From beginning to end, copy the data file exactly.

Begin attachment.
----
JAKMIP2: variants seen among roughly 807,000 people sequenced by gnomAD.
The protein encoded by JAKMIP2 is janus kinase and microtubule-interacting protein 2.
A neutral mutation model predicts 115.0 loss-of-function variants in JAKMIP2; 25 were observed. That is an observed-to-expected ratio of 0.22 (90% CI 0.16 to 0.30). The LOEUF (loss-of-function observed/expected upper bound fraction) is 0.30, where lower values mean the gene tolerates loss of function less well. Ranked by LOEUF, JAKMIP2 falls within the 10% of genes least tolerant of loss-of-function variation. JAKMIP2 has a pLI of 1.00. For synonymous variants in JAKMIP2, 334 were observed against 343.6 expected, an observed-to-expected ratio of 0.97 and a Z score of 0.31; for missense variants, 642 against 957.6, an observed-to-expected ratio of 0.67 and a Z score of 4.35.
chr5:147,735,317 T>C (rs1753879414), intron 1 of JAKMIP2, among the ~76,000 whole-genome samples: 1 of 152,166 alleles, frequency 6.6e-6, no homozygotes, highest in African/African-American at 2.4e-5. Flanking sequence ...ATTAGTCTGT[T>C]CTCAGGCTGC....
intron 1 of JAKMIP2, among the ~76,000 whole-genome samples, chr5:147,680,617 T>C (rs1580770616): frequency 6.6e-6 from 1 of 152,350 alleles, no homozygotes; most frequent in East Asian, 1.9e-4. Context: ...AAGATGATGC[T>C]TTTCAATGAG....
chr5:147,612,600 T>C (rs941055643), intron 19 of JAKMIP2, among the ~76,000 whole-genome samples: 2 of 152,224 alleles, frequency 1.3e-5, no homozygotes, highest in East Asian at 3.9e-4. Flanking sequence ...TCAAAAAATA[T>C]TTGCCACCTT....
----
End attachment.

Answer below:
JAKMIP2: variants seen among roughly 807,000 people sequenced by gnomAD.
The protein encoded by JAKMIP2 is janus kinase and microtubule-interacting protein 2.
A neutral mutation model predicts 115.0 loss-of-function variants in JAKMIP2; 25 were observed. That is an observed-to-expected ratio of 0.22 (90% CI 0.16 to 0.30). The LOEUF (loss-of-function observed/expected upper bound fraction) is 0.30, where lower values mean the gene tolerates loss of function less well. Ranked by LOEUF, JAKMIP2 falls within the 10% of genes least tolerant of loss-of-function variation. JAKMIP2 has a pLI of 1.00. For synonymous variants in JAKMIP2, 334 were observed against 343.6 expected, an observed-to-expected ratio of 0.97 and a Z score of 0.31; for missense variants, 642 against 957.6, an observed-to-expected ratio of 0.67 and a Z score of 4.35.
chr5:147,735,317 T>C (rs1753879414), intron 1 of JAKMIP2, among the ~76,000 whole-genome samples: 1 of 152,166 alleles, frequency 6.6e-6, no homozygotes, highest in African/African-American at 2.4e-5. Flanking sequence ...ATTAGTCTGT[T>C]CTCAGGCTGC....
intron 1 of JAKMIP2, among the ~76,000 whole-genome samples, chr5:147,680,617 T>C (rs1580770616): frequency 6.6e-6 from 1 of 152,350 alleles, no homozygotes; most frequent in East Asian, 1.9e-4. Context: ...AAGATGATGC[T>C]TTTCAATGAG....
chr5:147,612,600 T>C (rs941055643), intron 19 of JAKMIP2, among the ~76,000 whole-genome samples: 2 of 152,224 alleles, frequency 1.3e-5, no homozygotes, highest in East Asian at 3.9e-4. Flanking sequence ...TCAAAAAATA[T>C]TTGCCACCTT....